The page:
Noir Film Festival at Křivoklát Castle

Samuel Fuller's daughter Samantha will introduce her father's films

The sixth annual Noir Film Festival will take place at Křivoklát Castle in Central Bohemia from Aug. 23 to 26.

The festival will have 40 screenings of films not only from the 1940s and 50s, but also from other eras. The castle has five areas adapted for screenings including the courtyard.

While critics argue over the exact definition of film noir, it in general refers to pessimistic crime dramas that filled cinema screens after World War II. The term was coined by French critics in the 1960s.

Areas of focus for the festival this year include director Samuel Fuller; blocks of prison, psycho, Nordic and Czechoslovak noir, and the new femme fatale. There are also tributes and special screenings.

The Czech films will have English subtitles, but not the Nordic films. Most of the other films are in English.

This year will also have a special guest. Director Samuel Fuller passed away in 1997, but his daughter, Samantha Fuller, who appeared in her father’s later films, will come to Křivoklát. She will present four of her father's films and her 2013 documentary, A Fuller Life.

James Franco, William Friedkin, Wim Wenders, Tim Roth and Mark Hamill appear in the documentary. Samuel Fuller has a connection to Czechoslovakia. At the end of World War II, he was among soldiers to liberate a POW camp in Sokolov.

The films on the schedule are from his classic era — Pickup on South Street (1953), House of Bamboo (1955), Shock Corridor (1963) and The Naked Kiss (1964).

The psycho noir section shows four mentally unstable individuals who turn to brutal violence. Richard Widmark is famous for his portrayal of a deranged killer in Kiss of Death (1947). James Cagney gave one his best performances in White Heat (1949). Robert Ryan in Act of Violence (1948) and Lawrence Tierney in Born to Kill (1947) are also in this section.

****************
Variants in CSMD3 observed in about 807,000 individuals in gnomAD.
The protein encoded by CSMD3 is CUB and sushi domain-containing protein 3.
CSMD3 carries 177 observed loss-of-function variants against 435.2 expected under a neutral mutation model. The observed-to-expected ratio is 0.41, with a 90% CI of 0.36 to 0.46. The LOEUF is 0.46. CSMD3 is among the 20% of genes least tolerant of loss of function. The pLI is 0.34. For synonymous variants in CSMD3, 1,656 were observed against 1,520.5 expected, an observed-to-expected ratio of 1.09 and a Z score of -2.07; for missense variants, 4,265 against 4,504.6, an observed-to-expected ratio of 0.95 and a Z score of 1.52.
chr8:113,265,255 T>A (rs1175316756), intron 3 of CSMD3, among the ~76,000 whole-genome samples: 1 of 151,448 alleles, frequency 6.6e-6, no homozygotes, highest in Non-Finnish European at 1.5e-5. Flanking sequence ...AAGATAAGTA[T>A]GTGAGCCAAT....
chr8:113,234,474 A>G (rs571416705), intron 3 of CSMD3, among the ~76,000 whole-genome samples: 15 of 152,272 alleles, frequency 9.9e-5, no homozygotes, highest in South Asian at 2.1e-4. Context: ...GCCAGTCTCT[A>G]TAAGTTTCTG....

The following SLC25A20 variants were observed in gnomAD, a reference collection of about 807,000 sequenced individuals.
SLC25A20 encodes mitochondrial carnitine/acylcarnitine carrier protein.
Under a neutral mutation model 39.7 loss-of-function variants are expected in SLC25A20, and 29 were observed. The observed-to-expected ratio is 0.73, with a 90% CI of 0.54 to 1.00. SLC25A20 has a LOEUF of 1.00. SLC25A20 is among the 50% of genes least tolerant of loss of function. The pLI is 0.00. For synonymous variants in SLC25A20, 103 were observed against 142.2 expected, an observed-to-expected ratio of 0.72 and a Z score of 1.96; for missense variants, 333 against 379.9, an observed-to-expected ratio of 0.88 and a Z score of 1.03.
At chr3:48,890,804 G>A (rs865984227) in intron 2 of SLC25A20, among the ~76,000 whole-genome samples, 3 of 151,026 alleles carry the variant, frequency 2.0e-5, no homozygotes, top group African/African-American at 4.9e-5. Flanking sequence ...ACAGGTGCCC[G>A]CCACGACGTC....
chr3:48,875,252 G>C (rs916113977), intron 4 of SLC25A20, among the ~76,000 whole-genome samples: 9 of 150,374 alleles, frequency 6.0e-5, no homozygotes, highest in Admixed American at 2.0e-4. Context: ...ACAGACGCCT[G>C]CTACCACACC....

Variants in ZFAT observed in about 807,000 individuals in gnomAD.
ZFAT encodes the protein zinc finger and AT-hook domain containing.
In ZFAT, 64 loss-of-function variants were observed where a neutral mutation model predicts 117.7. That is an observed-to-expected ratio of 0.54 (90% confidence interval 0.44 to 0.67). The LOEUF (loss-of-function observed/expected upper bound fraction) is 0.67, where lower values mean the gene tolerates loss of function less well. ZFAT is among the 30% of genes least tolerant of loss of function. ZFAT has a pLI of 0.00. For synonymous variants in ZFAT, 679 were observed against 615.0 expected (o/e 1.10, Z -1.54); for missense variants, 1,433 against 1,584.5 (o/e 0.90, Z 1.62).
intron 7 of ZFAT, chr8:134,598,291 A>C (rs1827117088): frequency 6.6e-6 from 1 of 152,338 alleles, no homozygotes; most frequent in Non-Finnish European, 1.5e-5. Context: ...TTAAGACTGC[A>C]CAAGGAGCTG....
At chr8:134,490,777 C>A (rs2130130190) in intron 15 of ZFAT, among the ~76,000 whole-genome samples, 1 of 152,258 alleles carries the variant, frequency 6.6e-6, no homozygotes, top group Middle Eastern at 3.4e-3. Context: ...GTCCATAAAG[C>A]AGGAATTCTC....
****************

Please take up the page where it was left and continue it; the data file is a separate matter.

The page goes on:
The prison section has four films made between 1947 and 1958, including Brute Force by Jules Dassin and Riot in Cell Block 11 by Don Siegel.

The Czechoslovak block offers four films with Today for the Last Time (Dnes naposled) from director Martin Frič as a highlight. The film, set largely in a pub, shows the influence of alcohol on the main characters and those around them.

More recent films are in the new femme fatale section. Chronologically this starts with Body Heat, the 1981 film with William Hurt and Kathleen Turner that revived interest in film noir. The 1994 film The Last Seduction has Linda Fiorentino in a steamy role. Larry and Andy Wachowski directed Bound in 1996 before going on to make The Matrix.

The new film White Orchid has its Czech premiere in this section. It features Olivia Thirlby and Jennifer Beals and was made under the auspices of the Estate of Humphrey Bogart, managed by the son of the famous Hollywood actor.

Special screenings include What Ever Happened to Baby Jane?, pairing Hollywood rivals Bette Davis and Joan Crawford. There are also tributes to Ida Lupino and Robert Ryan, and new productions from HBO.

The festival website has information about tickets and also accommodation in the area.

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